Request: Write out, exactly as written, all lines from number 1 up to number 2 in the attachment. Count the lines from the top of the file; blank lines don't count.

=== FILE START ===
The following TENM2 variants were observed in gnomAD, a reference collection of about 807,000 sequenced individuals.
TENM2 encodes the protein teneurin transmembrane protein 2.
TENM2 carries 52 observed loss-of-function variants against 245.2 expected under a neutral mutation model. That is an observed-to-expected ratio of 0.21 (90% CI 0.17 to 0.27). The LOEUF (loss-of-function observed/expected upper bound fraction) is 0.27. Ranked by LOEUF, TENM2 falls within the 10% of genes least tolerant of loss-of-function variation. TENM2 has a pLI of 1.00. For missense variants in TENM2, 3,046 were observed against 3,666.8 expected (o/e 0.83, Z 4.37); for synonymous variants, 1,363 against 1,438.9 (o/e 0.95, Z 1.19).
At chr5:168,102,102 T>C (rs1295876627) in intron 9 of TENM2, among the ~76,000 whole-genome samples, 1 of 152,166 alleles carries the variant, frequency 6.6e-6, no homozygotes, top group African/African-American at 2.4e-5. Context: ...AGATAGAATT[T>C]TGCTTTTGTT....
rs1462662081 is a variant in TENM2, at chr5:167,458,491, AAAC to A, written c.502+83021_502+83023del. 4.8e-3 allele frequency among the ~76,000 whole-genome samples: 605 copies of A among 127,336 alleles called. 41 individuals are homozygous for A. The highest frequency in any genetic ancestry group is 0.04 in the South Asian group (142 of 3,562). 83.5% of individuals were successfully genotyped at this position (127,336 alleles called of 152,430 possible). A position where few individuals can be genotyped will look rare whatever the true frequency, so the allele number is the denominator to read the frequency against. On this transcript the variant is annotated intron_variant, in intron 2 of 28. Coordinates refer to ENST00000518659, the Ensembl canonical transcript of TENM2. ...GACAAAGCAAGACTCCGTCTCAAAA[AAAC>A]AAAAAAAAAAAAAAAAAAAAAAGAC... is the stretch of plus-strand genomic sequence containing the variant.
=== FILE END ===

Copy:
The following TENM2 variants were observed in gnomAD, a reference collection of about 807,000 sequenced individuals.
TENM2 encodes the protein teneurin transmembrane protein 2.